2008 Jazz festival promises diversity

THE 2008 Cork Guinness Jazz Festival is expected to have a more multi-ethnic face with a number of Arab and Eastern European bands taking part.

Festival programme director Jack McGouran revealed yesterday there would be more diversity at next year’s festival.

He also said the festival’s worth to the Cork region since its foundation could break the €1 billion mark next October.

“More than 45,000 people attended the festival this year. Our ticket sales were up 18% on 2006. The people it attracts are quality fans who are free-spending — they just don’t let up,” said Mr McGouran.

This year’s sales reportedly witnessed very heavy bookings from Canada, Australia, South Africa, Britain and the USA since early September.

“We worked closely with Fáilte Ireland this year who were promoting it in Holland and we got a lot of Dutch visitors as a result,” said programme director Mr McGouran.

The push to get jazz bands from emerging countries may concern some connoisseurs, but Mr McGouran believes it is the way forward.

Des Hopkins, whose band The Golden Age have played in 29 festivals, said he’d prefer to see more traditional dixieland jazz, but had nothing but praise for the festival organisers.

Mr McGouran, meanwhile, said: “We are catering for entirely different audiences than we were 10 years ago. Jazz is developing all the time and major influences have sprung up in Nordic, eastern European and Arab countries. There’s very good jazz, for example, in Poland and we have a Polish population in Cork contributing immensely to the local society. While we are looking for diversity we will still be getting in the big names from the USA.”

One of the highlights for young fans was the performance of Scandinavian band Jazz Kamikaze. The older generation voted for The Blind Boys of Alabama, who are actually blind, as their number one. They had dozens of people dancing in the aisles with their sell-out show at the Cork Opera House on Sunday night.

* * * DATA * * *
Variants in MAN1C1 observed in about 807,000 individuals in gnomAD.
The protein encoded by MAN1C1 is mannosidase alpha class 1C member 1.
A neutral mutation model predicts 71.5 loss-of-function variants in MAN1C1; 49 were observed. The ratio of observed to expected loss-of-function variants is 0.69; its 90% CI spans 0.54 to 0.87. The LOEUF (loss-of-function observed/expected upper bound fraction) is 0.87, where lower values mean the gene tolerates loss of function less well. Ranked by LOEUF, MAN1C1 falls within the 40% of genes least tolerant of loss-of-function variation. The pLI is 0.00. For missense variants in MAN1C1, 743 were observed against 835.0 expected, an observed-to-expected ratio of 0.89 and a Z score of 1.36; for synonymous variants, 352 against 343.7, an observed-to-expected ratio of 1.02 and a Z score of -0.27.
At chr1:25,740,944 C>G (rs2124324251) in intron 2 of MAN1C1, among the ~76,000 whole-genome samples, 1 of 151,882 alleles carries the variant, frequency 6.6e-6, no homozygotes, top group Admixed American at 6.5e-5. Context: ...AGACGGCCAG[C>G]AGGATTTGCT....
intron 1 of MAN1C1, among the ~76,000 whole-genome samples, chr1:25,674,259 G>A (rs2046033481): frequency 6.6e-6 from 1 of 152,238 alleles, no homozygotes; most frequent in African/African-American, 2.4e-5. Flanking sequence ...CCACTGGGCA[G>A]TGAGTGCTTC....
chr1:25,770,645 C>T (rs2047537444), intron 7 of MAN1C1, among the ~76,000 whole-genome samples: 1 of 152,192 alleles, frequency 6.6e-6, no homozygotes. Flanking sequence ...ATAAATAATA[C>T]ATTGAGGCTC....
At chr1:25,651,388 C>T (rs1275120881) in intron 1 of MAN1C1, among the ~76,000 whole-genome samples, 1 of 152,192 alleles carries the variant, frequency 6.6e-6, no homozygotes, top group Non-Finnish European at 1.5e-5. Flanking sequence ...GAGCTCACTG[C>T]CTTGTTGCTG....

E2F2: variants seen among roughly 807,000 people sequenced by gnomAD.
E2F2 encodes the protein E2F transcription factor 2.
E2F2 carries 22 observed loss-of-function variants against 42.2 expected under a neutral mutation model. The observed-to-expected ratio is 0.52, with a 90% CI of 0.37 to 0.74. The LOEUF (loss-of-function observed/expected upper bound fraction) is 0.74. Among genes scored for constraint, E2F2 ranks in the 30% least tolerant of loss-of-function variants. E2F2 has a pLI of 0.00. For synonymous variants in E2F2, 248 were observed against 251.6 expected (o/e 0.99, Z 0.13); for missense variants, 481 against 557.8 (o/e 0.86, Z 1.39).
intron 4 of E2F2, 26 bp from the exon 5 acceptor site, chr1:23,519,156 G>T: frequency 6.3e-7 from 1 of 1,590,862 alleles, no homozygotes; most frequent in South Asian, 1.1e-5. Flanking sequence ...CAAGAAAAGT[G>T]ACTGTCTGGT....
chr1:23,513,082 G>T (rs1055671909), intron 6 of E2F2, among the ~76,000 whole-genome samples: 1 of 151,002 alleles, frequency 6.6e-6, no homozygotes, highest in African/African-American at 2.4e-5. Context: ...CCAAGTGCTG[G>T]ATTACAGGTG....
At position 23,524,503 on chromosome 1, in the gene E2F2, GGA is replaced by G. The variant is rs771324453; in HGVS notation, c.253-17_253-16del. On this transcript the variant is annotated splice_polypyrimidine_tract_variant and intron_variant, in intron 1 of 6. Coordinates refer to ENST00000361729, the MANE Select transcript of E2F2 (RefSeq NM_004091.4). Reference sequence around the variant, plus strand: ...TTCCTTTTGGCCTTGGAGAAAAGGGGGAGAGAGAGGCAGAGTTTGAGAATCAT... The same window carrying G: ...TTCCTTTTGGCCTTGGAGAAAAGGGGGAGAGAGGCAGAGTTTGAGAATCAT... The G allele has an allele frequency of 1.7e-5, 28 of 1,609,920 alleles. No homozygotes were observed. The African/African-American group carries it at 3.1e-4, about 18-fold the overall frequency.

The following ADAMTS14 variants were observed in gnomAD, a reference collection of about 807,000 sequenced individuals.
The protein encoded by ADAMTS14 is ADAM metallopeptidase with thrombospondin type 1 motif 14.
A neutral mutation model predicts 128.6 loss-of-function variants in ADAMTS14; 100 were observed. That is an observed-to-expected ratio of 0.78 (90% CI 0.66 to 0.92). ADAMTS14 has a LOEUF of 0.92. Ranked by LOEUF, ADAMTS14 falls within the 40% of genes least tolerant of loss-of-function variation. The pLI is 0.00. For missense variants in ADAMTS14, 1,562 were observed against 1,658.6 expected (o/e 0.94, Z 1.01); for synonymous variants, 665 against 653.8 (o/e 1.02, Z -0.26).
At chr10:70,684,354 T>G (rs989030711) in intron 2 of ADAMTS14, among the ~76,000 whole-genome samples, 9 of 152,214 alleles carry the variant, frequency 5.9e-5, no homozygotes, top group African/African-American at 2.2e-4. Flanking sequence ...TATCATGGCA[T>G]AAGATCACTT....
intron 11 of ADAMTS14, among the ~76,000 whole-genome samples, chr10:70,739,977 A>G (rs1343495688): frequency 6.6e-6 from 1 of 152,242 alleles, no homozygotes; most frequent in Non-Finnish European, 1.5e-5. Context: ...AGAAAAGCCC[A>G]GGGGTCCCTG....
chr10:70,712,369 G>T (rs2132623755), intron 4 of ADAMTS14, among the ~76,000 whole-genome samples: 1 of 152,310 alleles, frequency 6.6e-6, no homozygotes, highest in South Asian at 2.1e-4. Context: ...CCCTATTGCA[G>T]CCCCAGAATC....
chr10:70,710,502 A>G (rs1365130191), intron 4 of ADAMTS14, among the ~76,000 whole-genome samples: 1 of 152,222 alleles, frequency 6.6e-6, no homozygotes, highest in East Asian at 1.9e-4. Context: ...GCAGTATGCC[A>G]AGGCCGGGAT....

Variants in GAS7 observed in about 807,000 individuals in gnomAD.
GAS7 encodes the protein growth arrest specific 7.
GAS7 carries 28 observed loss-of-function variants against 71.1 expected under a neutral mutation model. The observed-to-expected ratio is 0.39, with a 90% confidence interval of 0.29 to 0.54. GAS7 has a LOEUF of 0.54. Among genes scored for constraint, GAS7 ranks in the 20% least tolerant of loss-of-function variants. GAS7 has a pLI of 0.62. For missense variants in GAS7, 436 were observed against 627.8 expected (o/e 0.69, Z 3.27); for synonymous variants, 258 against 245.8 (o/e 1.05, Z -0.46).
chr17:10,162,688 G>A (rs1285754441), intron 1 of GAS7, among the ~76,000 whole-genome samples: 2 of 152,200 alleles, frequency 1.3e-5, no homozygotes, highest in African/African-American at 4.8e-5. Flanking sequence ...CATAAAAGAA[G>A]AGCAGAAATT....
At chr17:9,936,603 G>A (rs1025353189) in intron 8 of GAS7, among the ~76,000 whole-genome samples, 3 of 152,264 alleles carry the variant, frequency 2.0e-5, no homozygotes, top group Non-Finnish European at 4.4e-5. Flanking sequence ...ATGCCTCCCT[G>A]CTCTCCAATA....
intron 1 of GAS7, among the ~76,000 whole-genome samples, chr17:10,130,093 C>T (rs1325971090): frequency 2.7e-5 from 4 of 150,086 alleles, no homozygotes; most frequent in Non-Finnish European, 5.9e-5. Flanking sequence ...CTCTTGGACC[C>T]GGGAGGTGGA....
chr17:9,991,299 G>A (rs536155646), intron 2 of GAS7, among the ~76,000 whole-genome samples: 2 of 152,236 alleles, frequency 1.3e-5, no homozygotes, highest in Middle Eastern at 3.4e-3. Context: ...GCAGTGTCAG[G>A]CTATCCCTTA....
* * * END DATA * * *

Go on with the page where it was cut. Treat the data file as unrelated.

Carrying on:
The Half Moon Theatre was a new venue this year and its intimacy went down well with 250 fans who packed each gig there.

There was a blip, however, at the Metropole — the traditional festival headquarters.

Health and safety legislation was used for the first time to limit the number of people in the hotel at any one time to 1,500. When staff and guests were removed from that figure the organisers were only able to admit 1,200 paying customers. “As a result we had to limit complementary tickets. There’s always some pain when this happens for the first time,” admitted Mr McGouran. He added it was also “a pity” that Brittany Ferries hadn’t been allowed to pull out to sea for a jazz cruise, owning to a row over a licence.

Pat Elgart, whose band played four gigs in the city, said he found the festival excellent.

“It will never move to Dublin. It wouldn’t work as it wouldn’t have the same intimate atmosphere as Cork. There’s a great audience reaction here, a very happy spirit,” said Mr Elgart.

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